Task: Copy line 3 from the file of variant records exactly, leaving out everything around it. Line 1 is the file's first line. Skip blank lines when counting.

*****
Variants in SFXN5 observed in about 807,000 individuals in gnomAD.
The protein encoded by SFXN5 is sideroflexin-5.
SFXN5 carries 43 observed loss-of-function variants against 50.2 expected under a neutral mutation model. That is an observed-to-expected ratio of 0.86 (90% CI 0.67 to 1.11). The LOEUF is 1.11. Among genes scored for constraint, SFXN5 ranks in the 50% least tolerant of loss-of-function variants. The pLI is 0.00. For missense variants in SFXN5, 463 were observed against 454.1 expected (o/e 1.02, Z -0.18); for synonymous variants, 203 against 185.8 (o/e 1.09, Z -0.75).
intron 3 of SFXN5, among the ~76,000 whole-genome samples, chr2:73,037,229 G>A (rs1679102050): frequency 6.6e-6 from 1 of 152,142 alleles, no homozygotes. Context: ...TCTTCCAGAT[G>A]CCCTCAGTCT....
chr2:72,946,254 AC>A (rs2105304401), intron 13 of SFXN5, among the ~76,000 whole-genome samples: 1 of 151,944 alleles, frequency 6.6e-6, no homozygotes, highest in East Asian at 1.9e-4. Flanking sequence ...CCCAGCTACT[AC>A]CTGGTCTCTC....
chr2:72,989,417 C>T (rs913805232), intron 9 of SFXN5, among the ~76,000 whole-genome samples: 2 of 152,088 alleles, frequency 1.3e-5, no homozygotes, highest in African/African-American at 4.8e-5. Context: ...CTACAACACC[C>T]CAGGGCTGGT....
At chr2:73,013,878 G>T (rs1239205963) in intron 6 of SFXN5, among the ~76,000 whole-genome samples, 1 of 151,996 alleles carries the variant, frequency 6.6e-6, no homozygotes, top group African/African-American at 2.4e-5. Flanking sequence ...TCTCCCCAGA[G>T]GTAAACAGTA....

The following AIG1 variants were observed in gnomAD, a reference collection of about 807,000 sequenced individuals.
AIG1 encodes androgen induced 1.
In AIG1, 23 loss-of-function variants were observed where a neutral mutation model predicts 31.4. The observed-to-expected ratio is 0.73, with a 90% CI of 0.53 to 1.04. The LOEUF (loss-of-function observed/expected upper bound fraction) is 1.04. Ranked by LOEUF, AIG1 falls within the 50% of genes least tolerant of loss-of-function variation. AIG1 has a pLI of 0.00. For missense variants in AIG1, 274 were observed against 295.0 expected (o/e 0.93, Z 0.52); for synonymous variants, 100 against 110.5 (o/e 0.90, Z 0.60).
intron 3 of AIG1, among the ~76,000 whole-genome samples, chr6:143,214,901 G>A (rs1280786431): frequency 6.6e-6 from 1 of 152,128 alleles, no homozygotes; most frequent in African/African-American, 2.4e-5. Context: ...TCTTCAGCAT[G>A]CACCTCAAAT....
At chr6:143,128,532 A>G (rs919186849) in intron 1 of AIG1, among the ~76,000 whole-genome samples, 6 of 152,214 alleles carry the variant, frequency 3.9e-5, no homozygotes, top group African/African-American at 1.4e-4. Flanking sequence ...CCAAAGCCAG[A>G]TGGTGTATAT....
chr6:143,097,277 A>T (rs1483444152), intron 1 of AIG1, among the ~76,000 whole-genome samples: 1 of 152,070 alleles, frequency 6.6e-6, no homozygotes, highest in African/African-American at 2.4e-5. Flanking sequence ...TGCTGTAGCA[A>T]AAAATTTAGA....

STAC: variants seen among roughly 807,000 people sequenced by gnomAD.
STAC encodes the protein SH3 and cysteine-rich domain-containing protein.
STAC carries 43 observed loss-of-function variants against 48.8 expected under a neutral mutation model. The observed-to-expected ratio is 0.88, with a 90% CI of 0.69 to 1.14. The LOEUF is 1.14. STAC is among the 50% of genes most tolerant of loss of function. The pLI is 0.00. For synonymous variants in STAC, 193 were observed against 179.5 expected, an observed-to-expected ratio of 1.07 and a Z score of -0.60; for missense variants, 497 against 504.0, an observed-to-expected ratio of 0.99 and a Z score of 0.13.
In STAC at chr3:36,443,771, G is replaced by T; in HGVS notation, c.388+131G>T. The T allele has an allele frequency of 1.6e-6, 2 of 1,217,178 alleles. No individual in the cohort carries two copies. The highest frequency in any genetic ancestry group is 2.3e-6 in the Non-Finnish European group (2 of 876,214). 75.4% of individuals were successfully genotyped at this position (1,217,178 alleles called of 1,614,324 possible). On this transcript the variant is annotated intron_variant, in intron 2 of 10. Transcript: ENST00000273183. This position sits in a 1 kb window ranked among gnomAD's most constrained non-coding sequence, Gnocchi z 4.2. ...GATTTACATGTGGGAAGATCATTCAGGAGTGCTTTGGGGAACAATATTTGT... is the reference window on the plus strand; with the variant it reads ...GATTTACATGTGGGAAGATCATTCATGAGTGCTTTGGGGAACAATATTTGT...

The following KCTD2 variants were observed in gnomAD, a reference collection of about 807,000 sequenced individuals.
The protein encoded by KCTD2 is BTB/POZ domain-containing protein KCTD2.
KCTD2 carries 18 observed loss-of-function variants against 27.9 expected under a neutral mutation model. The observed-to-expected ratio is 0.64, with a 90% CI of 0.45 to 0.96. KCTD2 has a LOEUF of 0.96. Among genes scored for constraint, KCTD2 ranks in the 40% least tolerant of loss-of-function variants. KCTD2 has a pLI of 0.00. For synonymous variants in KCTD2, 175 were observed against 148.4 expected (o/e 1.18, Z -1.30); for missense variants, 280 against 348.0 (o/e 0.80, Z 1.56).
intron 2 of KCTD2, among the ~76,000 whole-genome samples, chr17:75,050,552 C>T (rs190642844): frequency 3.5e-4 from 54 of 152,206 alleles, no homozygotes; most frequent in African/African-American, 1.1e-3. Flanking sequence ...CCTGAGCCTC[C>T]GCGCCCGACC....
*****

SFXN5 carries 43 observed loss-of-function variants against 50.2 expected under a neutral mutation model. That is an observed-to-expected ratio of 0.86 (90% CI 0.67 to 1.11). The LOEUF is 1.11. Among genes scored for constraint, SFXN5 ranks in the 50% least tolerant of loss-of-function variants. The pLI is 0.00. For missense variants in SFXN5, 463 were observed against 454.1 expected (o/e 1.02, Z -0.18); for synonymous variants, 203 against 185.8 (o/e 1.09, Z -0.75).